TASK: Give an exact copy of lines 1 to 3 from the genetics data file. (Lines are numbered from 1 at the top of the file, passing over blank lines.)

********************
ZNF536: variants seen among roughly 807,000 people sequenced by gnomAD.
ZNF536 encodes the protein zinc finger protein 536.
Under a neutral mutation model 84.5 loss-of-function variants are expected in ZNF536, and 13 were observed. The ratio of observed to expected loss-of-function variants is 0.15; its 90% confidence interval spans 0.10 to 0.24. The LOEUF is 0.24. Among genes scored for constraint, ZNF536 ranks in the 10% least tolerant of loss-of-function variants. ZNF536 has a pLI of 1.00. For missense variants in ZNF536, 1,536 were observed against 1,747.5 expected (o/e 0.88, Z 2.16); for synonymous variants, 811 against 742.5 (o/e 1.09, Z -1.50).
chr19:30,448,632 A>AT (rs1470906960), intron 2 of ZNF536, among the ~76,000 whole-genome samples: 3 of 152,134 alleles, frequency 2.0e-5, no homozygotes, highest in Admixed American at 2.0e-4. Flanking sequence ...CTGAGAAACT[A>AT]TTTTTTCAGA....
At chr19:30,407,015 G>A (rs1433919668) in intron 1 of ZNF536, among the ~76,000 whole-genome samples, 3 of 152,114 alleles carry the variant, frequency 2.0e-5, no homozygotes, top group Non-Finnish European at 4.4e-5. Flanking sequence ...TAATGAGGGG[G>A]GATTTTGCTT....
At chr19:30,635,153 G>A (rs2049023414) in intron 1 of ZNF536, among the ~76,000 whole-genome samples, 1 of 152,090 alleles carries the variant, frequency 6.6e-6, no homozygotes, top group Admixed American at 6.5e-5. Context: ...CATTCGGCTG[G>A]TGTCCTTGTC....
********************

ZNF536: variants seen among roughly 807,000 people sequenced by gnomAD.
ZNF536 encodes the protein zinc finger protein 536.
Under a neutral mutation model 84.5 loss-of-function variants are expected in ZNF536, and 13 were observed. The ratio of observed to expected loss-of-function variants is 0.15; its 90% confidence interval spans 0.10 to 0.24. The LOEUF is 0.24. Among genes scored for constraint, ZNF536 ranks in the 10% least tolerant of loss-of-function variants. ZNF536 has a pLI of 1.00. For missense variants in ZNF536, 1,536 were observed against 1,747.5 expected (o/e 0.88, Z 2.16); for synonymous variants, 811 against 742.5 (o/e 1.09, Z -1.50).